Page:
Forty-four years ago, four kids from Liverpool performed what was then the largest, highest-grossing rock concert ever -- the Beatles Live at Shea Stadium.
"It was the biggest show we'd ever done. Nobody had done stadiums before -- 56,000 people. And I think we were a little bit nervous in the dressing room beforehand," Paul McCartney said, in an ABC special to air Thanksgiving night.
"But by then it was too late, you had to go out and do it, so the girls were screaming, I mean that's what we encountered those days, so it was just like a wall of a billion seagulls, 'Ahhhhhhh.'"
The August 1965 concert at the height of Beatlemania was an unparalleled event -- until McCartney performed again at almost the exact same spot in the summer of 2009.
Watch "Paul McCartney: Good Evening New York City" at 10 p.m. ET on ABC.
"It was like we were just in some mad dream," he said, recollecting the night the Beatles first took to the stage. "It was thrilling, terrifying, [a] new experience. So for me then to go back all these years later was like amazing. And I had fun with it."
In July 2009, McCartney proudly returned to perform at Citi Field, in Queens, N.Y., the new home of the New York Mets, recreating history he helped make a generation ago. ABC will bring viewers to McCartney's celebrated concert, "Good Evening New York City," when the Rock and Roll Hall of Famer performed both Beatles classics and favorites from his solo career.
McCartney spoke candidly about his emotional bond with New York City -- much of which is tied to former Beatle John Lennon, who was shot dead outside of his city apartment building in 1980.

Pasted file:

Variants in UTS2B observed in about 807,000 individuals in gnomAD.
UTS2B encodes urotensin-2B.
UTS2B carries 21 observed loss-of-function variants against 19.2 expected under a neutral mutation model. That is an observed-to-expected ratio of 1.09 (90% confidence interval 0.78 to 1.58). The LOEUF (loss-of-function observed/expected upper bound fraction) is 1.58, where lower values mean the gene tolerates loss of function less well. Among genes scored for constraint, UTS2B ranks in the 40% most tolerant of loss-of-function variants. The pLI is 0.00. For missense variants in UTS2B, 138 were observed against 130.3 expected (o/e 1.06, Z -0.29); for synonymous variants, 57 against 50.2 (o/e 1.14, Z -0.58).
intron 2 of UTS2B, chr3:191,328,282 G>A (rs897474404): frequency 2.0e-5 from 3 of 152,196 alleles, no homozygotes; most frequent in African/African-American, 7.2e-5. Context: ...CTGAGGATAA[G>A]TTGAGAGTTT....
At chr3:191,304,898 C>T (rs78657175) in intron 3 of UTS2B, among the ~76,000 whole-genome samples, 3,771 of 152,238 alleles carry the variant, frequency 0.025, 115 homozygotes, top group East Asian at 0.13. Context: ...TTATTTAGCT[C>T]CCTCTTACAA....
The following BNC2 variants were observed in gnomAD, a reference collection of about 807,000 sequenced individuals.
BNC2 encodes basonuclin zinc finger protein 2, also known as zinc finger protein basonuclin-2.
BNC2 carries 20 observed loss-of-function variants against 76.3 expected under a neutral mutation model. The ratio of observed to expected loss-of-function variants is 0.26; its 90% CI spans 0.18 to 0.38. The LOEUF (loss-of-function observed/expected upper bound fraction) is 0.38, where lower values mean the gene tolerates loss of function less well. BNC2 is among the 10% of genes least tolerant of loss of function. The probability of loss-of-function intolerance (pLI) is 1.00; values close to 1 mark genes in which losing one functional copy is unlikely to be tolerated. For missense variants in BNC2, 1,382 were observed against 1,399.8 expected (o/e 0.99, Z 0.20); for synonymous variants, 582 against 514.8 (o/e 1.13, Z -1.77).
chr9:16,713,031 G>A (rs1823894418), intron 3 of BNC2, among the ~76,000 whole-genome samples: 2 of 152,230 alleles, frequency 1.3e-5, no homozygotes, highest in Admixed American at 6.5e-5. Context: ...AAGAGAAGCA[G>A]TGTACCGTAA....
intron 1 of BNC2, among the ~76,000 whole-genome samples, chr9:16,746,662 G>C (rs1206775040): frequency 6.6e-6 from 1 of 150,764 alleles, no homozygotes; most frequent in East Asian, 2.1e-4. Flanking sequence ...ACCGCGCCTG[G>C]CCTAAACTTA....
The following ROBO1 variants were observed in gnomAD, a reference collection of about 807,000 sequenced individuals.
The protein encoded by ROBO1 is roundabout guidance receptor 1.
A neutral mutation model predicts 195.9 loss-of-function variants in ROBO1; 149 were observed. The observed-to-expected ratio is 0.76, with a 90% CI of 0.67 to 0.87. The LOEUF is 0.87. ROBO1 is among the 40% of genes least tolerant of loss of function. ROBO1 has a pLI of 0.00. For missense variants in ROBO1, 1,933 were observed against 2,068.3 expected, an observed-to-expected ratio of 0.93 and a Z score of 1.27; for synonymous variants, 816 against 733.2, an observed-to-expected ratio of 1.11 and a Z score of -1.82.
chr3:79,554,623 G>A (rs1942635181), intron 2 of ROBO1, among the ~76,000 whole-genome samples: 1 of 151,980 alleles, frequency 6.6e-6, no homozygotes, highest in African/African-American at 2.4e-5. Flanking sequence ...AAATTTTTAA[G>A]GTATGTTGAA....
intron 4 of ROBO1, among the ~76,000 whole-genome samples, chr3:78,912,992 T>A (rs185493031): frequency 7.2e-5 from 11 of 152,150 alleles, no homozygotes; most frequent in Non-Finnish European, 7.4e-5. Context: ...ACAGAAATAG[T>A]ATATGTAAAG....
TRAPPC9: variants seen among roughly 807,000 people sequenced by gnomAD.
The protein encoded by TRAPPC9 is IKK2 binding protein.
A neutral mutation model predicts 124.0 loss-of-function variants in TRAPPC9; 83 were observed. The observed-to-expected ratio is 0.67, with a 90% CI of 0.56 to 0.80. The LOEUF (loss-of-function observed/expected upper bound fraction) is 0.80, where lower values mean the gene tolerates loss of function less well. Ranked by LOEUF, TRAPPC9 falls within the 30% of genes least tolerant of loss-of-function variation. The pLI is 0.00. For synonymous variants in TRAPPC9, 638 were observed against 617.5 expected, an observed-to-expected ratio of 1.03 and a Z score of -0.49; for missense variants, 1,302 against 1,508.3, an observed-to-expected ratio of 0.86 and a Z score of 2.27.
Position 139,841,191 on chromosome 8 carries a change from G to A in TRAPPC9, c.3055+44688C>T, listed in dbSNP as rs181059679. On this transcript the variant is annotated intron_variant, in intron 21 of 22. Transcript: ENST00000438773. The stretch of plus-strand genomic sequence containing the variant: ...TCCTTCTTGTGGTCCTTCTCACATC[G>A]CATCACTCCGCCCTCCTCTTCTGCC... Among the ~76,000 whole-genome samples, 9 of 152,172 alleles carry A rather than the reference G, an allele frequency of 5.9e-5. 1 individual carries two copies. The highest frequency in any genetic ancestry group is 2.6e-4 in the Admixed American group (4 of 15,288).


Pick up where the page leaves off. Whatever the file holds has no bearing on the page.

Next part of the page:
"[New York] was John's town in his later life. This is where he was killed, you know, so there's all of that going through your mind and it's very emotional," McCartney said. "Anything I do that is associated with John, the setting of New York, brings it home."
McCartney said he wrote "Here Today," after Lennon's death.
"I wrote this song after he passed away. It was kind of stuff I never said to him and it was like in the form of an imaginary conversation that we might have had," McCartney said.
McCartney said that returning to the site where the Beatles made their mark 44 years ago was "very special."
"It is something that is amazing, you know, that we've touched so many people's lives with the Beatles," McCartney said. "I just take a moment for me in the here and now to look at this thing. I see seven year-olds, 20-year-olds, 30, 40, 50, 60, 70-plus...I love the idea that the kids like the music, and the parents like the music and possibly the grandparents like the music, so they can all actually talk about it. It's very special."
ABC's special television event begins on Thanksgiving night, Nov. 26, at 9 p.m. ET with "Beyonce: I Am... Yours." "Paul McCartney: Good Evening New York City" airs at 10 p.m. ET.